arrowsWe are all guilty of it – meeting tangents. This is a term we use to describe when a meeting goes off course and we end up accomplishing half of what we originally intended. You know how it goes – you sit down with your team to have a meeting about budgets and wind up spiraling into a discussion about customer retention. There is definitely some good that comes out of ad-hoc crowd sourced discussions, but the bottom line is that the time spent wasn’t very focused on the original discussion and you probably didn’t get as much out of the meeting as you intended.

The same is true for performance evaluation discussions – if companies attempt to cram too much into a single meeting, you risk losing focus and not achieving what you set out. Think about a manager sitting down to discuss annual performance, future goals & development, and compensation all in a single meeting – it doesn’t take a psychologist to tell you that these items are all over the map.

To handle this, some organizations are rethinking their processes and are separating review meetings from goal setting session and even compensation discussions. Here are some things to consider if you are looking to refine your review meeting-mix:

Goal Setting vs. Performance: Review meetings are generally ‘recap’ sessions where managers and staff discuss performance milestones achieved throughout the past year or past review cycle. It is a ‘backward’-looking meeting where the focus is on summarizing what the employee has done right and maybe not so right and gives both sides a chance to support their observations. There should be nothing new presented in this meeting as we like to assume employees are made aware of performance triumphs and issues as they occur, but this meeting is a great time to lay everything out on the table and discuss. Goal setting sessions, on the other hand are ‘forward’ looking and you can imagine it might be difficult or even downright ineffective to attempt to plan goals immediately after recapping current ones. Especially if the review was less than glowing, employees might need some time to regroup before opening their minds to considering future goals and development plans. We suggest that employees and managers take some time to process the discussion and then reconvene at another time to set goals for the coming review cycle. This way both parties will not be biased by the last discussion and will enter into this vital process with a clear mind.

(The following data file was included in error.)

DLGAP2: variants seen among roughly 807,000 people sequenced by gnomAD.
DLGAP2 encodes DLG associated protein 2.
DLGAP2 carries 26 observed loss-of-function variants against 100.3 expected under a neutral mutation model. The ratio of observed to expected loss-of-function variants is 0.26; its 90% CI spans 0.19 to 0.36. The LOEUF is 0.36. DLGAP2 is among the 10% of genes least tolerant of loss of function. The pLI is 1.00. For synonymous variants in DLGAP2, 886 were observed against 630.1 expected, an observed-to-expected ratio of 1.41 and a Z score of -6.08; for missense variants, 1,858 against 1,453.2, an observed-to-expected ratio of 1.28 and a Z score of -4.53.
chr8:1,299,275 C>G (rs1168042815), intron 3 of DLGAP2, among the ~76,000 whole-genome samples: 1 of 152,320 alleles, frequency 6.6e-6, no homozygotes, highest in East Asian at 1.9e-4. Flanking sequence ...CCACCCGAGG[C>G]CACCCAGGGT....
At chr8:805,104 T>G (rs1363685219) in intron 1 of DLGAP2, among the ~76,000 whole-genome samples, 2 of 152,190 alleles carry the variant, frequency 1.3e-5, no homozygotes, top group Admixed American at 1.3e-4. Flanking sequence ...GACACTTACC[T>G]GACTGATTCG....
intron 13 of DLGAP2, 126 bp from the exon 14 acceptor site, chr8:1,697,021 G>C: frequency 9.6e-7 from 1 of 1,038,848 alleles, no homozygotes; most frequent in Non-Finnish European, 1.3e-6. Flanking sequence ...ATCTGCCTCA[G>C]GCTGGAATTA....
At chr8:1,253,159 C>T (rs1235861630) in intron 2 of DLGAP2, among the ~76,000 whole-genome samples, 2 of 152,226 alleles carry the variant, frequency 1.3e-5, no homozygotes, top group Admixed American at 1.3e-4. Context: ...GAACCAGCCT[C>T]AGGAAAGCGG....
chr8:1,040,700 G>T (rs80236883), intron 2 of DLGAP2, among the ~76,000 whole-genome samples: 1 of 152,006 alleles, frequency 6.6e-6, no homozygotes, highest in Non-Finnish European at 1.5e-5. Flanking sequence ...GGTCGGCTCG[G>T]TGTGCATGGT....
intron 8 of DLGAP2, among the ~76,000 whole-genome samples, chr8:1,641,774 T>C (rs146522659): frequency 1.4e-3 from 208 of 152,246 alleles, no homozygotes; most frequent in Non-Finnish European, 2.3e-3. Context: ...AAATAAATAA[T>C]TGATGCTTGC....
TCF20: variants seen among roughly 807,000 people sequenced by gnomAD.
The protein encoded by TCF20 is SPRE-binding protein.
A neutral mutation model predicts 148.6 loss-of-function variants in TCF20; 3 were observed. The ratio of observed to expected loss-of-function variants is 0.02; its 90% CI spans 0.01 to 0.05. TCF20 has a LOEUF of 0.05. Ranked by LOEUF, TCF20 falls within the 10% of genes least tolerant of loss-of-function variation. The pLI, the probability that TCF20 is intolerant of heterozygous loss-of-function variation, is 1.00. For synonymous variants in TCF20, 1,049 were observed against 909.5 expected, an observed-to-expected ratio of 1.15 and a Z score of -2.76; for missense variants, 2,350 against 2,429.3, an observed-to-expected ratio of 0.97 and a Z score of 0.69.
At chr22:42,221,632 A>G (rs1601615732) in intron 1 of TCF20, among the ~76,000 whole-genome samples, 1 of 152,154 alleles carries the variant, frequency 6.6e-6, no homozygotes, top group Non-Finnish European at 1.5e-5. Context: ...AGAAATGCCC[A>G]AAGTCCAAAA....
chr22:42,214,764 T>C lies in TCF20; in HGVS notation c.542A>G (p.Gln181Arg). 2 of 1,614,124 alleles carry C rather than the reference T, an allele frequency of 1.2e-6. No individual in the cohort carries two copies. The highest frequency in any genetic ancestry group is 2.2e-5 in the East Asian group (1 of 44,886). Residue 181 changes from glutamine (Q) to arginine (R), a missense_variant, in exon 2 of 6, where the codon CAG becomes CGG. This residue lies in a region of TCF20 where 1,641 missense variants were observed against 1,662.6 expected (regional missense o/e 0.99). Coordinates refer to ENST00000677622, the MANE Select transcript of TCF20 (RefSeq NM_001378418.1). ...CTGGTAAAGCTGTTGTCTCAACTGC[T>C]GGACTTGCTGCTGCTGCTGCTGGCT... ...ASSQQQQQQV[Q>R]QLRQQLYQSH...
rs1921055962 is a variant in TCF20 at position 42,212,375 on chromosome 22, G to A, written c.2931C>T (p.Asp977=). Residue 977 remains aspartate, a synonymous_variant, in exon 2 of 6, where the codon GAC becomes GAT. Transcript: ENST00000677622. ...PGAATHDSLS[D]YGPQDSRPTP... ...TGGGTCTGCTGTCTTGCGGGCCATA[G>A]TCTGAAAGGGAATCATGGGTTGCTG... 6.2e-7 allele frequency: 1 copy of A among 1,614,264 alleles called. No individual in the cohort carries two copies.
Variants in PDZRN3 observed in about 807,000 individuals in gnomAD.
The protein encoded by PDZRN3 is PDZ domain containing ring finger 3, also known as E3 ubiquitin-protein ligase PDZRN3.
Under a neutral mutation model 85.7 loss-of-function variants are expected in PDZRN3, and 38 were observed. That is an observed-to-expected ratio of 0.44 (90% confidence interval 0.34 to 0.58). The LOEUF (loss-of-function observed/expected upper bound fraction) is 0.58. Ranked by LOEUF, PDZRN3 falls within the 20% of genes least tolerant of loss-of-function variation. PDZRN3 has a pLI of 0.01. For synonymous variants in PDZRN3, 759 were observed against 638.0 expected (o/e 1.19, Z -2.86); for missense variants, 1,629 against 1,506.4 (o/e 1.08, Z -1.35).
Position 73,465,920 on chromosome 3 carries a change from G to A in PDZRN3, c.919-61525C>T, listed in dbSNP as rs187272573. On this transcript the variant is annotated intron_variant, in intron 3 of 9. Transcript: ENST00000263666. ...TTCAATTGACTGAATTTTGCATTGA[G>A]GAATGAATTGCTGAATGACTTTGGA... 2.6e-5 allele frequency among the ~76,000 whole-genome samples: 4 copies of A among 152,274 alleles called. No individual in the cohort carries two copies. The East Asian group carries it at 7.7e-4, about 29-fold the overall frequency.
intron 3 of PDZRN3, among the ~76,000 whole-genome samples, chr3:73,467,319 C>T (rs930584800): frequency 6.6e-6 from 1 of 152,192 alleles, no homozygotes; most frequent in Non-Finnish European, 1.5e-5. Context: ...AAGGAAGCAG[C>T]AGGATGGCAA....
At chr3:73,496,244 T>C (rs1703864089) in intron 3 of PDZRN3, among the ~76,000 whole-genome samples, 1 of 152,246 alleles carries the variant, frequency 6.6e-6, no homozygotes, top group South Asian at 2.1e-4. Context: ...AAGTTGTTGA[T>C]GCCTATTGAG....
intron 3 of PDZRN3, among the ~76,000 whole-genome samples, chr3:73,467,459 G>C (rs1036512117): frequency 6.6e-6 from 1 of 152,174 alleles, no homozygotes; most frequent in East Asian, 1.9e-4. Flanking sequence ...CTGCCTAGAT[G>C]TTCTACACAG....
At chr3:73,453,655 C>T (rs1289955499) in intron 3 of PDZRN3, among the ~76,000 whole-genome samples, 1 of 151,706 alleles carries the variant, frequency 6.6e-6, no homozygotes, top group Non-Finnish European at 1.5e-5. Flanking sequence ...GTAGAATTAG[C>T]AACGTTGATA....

Salary Discussions vs. Performance Meetings: There is much debate over whether or not the topic of raises and salary should be discussed in performance review meetings. Some believe that raise decisions should be established and presented at the beginning of the meeting – in order to set the tone for the review discussion. Others believe salary and raises should be discussed at the end of the review meeting – as a way to instantly reward (or not) good or poor performance. There are a few things to consider if your company does indeed plan to keep raises a part of the performance review discussion.

  • Is the decision set in stone? If you present compensation decisions during the review meeting, is the employee able to argue their case and have the decision amended if there were in fact details overlooked?
  • Is the review meeting and company budgeting in sync? If you promise a raise to an employee during a review meeting, are you able to deliver on that in the near future? If company budgeting and/or raise policies don’t take effect until months after the review meeting, then you might want to consider waiting or if not, be very clear about when the change will take effect.
  • Do you have detailed records to support raise decisions? If you plan to grant or deny any changes in salary, managers should be given the tools to not only calculate their decisions, but to justify them to employees.

The final say on this topic will reflect each company’s values and structure; however, the most effective meeting mix we have come across has been a three tiered approach where:

1. Employees and managers meet once to recap performance and briefly discuss salary goals (the importance of a properly executed performance evaluation meetings is a topic on its own). See Conducting Painless Performance Evaluation Meetings.
2. Management processes the results of the meeting and plans their team’s salary increases based on a cycle’s worth of noted performance data then meets with the individuals to share the results.
3. A reasonable time period after, a manager and their employee meet again to formulate a SMART goal and development plan for the coming review cycle.

In between review meetings and throughout the entire review cycle, management should encourage active communication and dialogue. This ensures there are no surprises when it comes to review time, that employees are kept on track throughout the review period, and that managers are able to collect detailed performance records to help support performance ratings and compensation decisions at the end of the year.

No matter what your review meeting-mix is, be sure to give your managers the tools they need to properly and fairly assess and justify performance scores and accurately and consistently assign raises and goals to their team. emPerform’s easy to use talent management suite offers easy-to-use appraisals, SMART goal management, year-round feedback and journaling capabilities, and simple pay-for-performance automation.